Led by Battelle, utilities will incorporate tools to better manage electricity use
PORTLAND – Researchers across the Northwest have demonstrated that new technology can help manage electricity use. Now they’re betting they’ll get the same results with new experiments and show the whole country how it’s done.
Twelve utilities in five states – including Avista Utilities and Inland Power and Light Co. in Spokane – have signed on to a proposal to test the so-called smart power grid under the direction of Battelle, the company that operates the Pacific Northwest National Laboratory, in Richland. Battelle has applied for federal stimulus money.
The term “smart grid” has come to include any improvements in the way energy is transmitted, stored and consumed. And the federal Department of Energy has taken proposals from utilities across the country wanting to demonstrate their smart-grid projects.
Carl Imhoff, a research director with Battelle, said that the regional reach of this proposal, with participants from Wyoming to Oregon, makes it stand out. “It’s cutting across a layer of the utility system that has not been done as aggressively,” he said.
“Using 12 different entities like this is a very compelling and bold experiment.”
As far as experiments go, this one isn’t as experimental as some; researchers are confident the grid will benefit from more smarts. But directions from the Department of Energy are clear: The goal isn’t to see whether proposed changes will improve the nation’s electrical system, but how those changes will improve the system.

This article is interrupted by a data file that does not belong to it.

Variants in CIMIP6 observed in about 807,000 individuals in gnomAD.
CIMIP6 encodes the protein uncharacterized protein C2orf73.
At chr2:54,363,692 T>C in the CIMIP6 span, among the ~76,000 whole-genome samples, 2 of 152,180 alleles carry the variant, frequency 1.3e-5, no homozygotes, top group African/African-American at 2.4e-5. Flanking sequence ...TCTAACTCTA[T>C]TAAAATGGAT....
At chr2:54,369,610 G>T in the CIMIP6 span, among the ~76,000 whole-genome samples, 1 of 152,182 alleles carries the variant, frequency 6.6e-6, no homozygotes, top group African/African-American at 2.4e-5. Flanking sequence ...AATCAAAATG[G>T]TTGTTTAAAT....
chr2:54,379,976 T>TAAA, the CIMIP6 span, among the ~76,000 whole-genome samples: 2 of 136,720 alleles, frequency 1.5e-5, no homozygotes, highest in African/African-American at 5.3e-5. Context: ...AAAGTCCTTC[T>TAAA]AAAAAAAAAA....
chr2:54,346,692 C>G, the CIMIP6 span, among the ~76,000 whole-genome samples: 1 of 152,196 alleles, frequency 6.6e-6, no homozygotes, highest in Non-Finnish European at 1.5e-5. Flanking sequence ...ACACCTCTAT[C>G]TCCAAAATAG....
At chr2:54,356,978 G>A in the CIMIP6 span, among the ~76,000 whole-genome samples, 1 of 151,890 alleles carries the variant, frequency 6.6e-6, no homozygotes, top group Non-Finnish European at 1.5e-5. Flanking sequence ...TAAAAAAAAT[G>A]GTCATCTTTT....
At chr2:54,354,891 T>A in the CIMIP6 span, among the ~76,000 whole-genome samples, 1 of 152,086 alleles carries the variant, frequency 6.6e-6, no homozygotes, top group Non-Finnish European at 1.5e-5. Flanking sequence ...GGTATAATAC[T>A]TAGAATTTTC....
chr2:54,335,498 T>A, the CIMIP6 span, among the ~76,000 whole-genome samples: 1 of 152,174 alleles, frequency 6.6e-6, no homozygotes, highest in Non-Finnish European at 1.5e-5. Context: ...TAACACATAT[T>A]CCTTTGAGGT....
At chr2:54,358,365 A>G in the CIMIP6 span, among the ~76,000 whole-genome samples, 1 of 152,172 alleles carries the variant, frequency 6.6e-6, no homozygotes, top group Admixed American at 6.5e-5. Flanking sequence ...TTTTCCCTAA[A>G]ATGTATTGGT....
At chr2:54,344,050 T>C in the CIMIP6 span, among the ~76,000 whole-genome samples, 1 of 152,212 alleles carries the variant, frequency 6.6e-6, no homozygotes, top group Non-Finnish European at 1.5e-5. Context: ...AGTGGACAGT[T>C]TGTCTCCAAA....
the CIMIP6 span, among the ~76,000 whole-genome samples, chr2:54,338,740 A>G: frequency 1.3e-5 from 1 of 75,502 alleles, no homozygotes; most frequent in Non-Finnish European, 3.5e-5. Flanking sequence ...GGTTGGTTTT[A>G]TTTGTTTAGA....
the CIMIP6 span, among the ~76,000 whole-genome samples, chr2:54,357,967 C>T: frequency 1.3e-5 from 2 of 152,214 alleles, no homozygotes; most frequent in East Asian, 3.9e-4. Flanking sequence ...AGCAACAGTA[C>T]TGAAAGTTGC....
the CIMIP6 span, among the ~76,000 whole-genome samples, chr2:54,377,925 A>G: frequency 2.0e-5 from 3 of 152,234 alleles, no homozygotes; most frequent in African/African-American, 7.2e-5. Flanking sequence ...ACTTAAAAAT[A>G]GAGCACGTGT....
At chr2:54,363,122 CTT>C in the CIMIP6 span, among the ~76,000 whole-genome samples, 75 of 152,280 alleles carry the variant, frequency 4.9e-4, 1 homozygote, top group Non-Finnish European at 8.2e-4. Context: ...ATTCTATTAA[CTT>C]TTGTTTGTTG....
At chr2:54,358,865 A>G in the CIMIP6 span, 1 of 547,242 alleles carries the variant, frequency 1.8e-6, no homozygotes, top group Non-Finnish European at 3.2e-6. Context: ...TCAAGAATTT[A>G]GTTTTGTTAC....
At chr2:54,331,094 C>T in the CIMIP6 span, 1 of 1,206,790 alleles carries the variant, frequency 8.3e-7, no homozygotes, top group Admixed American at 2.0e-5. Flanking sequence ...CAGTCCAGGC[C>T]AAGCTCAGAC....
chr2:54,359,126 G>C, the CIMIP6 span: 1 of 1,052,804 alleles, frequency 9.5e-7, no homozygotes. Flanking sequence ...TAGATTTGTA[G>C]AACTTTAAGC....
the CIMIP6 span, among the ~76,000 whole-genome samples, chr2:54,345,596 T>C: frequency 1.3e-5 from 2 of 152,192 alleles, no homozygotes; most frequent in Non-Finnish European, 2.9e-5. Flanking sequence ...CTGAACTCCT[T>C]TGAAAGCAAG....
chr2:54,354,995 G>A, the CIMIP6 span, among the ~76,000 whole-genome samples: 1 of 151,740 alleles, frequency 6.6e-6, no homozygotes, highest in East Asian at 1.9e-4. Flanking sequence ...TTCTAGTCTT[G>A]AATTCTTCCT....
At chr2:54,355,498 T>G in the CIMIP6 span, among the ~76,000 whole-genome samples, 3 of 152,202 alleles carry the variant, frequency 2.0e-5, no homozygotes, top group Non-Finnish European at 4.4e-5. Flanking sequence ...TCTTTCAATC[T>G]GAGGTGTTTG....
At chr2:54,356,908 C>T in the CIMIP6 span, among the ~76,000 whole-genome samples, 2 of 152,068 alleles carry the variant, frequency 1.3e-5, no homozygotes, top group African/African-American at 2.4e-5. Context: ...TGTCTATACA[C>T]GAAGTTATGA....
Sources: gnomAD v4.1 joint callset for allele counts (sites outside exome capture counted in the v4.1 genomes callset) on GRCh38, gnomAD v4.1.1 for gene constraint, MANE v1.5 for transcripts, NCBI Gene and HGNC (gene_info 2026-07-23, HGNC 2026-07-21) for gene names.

The Northwest has a natural advantage in this area. The Pacific Northwest National Laboratory already tested smart-grid technology in a 2006-2007 study in Washington and Oregon. The Bonneville Power Administration participated in that study, and would take part in the proposed project as well.
That earlier study, also paid for by the Energy Department, showed that customers shift their energy use to times when there’s less stress on the grid if it saves them money. Another piece of the same study showed that a utility can use specially designed appliances to flatten peaks in electricity demand.
Battelle’s $178 million plan would build on that earlier study. “That was just 120 homes,” Imhoff said. “We’re extending that to up to 60,000 units participating, not just 120.”
Participating utilities would maintain test sites, working on various pieces of the smart grid.
Inland Power’s project will be in the Airway Heights area, and Avista’s will be in Pullman, Wash.
Portland General Electric, which managed smart appliances in the earlier study, would run a project in Salem.
The project serves as a microcosm of the bigger smart grid effort, said Mark Osborn, the utility’s distributed resources manager. PGE would mix various power generation and storage systems to shift electricity where it’s needed.
That’s essential for an electrical system dominated by renewable energy sources. Wind and solar power aren’t always available, so emphasis is placed on storage and smart transmission, Osborn said.
The project will incorporate better transmission lines, high-tech meters, smart appliances, battery storage, diesel generators – basically everything available, Osborn said. “We did a few pilots here and there with appliances and battery technology. But we need to integrate them in one location where they’re all functioning together.”
What PGE proposes to do with its Salem customers, Battelle would do with the whole region, Imhoff said. Officials there expect to learn by the end of the year whether their proposal was accepted.
“The group felt this would offer the most compelling test of what the smart grid would be to consumers and utilities in the region,” he said. “There have been a number of one-off things, smart meters (etc.), but the group felt the next level of investigation is to evaluate the true benefit of orchestrating a broad number of concepts at all the levels of the power system.”
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